In this post, the json is converted to student object. Student object contains a variable “age”. Spring boot creates Student object and assigns value to the variable.

The example is shown in the next step along with validation tags.



Step 3 – Add @Valid annotation for validation

The @Valid annotation is used to specify the rest controller to be validated. The spring boot application validates the method before it is called.

Student.java

package com.yawintutor;

import javax.validation.constraints.Min;

public class Student {

	@Min(5)
	private int age;

	public int getAge() {
		return age;
	}

	public void setAge(int age) {
		this.age = age;
	}

}

TestController.java

package com.yawintutor;

import javax.validation.Valid;

import org.springframework.http.ResponseEntity;
import org.springframework.validation.annotation.Validated;
import org.springframework.web.bind.annotation.PostMapping;
import org.springframework.web.bind.annotation.RequestBody;
import org.springframework.web.bind.annotation.RestController;

@RestController
@Validated
public class TestController {

	@PostMapping("/student/")
	ResponseEntity<String> student(@Valid @RequestBody Student student) {
		return ResponseEntity.ok("Your age is " + student.getAge());
	}
}


Step 4 – Run the application

To validate the request body, start the application on the spring boot. Call the curl command or import and run in postman tool. 

curl -X POST \
  http://localhost:8080/student/ \
  -H 'Cache-Control: no-cache' \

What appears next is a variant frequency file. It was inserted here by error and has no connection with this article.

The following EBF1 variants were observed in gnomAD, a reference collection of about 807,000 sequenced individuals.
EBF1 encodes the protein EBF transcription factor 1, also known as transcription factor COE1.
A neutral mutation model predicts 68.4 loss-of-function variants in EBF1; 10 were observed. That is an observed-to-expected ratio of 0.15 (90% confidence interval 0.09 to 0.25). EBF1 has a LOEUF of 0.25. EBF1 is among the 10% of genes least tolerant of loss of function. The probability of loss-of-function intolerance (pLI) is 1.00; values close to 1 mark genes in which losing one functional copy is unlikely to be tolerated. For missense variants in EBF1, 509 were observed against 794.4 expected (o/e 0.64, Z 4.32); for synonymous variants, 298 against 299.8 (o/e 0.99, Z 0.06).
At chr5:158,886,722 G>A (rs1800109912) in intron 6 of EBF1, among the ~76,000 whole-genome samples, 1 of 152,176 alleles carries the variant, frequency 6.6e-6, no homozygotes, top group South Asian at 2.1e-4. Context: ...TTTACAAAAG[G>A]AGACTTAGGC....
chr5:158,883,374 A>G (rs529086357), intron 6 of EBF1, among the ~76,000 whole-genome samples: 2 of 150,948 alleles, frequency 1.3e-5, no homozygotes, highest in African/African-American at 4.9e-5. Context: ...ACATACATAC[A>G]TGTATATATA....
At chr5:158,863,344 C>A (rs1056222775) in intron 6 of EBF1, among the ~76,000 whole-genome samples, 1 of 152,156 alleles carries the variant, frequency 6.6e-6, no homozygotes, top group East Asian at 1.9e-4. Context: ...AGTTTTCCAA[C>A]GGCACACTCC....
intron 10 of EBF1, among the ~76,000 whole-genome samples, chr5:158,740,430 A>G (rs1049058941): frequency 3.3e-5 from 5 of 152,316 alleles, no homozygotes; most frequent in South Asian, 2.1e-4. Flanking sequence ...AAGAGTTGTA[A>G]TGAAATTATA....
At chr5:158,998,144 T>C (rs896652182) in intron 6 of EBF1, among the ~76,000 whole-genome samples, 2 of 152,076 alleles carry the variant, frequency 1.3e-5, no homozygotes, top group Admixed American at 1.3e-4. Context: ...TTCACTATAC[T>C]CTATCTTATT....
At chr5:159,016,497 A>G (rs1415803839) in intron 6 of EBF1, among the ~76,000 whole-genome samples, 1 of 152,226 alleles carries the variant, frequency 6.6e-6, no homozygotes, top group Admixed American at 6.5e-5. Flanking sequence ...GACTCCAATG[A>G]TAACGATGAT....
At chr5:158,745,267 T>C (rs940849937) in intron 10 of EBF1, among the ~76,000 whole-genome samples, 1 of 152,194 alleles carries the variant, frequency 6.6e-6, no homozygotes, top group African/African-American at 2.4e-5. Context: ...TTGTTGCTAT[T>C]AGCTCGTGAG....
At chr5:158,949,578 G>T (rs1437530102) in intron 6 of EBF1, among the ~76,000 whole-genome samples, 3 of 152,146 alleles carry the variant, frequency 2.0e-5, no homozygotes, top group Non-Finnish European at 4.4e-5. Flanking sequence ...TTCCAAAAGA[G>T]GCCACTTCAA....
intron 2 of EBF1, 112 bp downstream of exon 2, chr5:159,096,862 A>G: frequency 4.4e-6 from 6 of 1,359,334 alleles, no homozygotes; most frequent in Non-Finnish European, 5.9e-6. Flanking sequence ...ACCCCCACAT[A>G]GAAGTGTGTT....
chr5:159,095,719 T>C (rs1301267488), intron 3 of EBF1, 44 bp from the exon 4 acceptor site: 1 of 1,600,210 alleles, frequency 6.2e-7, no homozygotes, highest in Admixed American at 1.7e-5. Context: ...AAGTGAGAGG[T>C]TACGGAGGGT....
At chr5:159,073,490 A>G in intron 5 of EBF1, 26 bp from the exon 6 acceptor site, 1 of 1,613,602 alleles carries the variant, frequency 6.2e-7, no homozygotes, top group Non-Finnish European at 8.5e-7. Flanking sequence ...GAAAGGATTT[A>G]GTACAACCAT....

-H 'Content-Type: application/json' \
  -H 'Postman-Token: 6f258a7f-d361-44f8-9c9b-b5bdc2828250' \
  -d '{"age":"5"}'

Output

Your age is 5

If the invalid json value is passed as part of url the validation will fail. The url below displays the curl command with invalid data.

curl -X POST \
  http://localhost:8080/student/ \
  -H 'Cache-Control: no-cache' \
  -H 'Content-Type: application/json' \
  -H 'Postman-Token: 6f258a7f-d361-44f8-9c9b-b5bdc2828250' \
  -d '{"age":"3"}'

Output

{
    "timestamp": "2020-03-26T16:42:04.107+0000",
    "status": 400,
    "error": "Bad Request",
    "errors": [
        {
            "codes": [
                "Min.student.age",
                "Min.age",
                "Min.int",
                "Min"
            ],
            "arguments": [
                {
                    "codes": [
                        "student.age",
                        "age"
                    ],
                    "arguments": null,
                    "defaultMessage": "age",
                    "code": "age"
                },
                5
            ],
            "defaultMessage": "must be greater than or equal to 5",
            "objectName": "student",
            "field": "age",
            "rejectedValue": 3,
            "bindingFailure": false,
            "code": "Min"
        }
    ],
    "message": "Validation failed for object='student'. Error count: 1",
    "path": "/student/"
}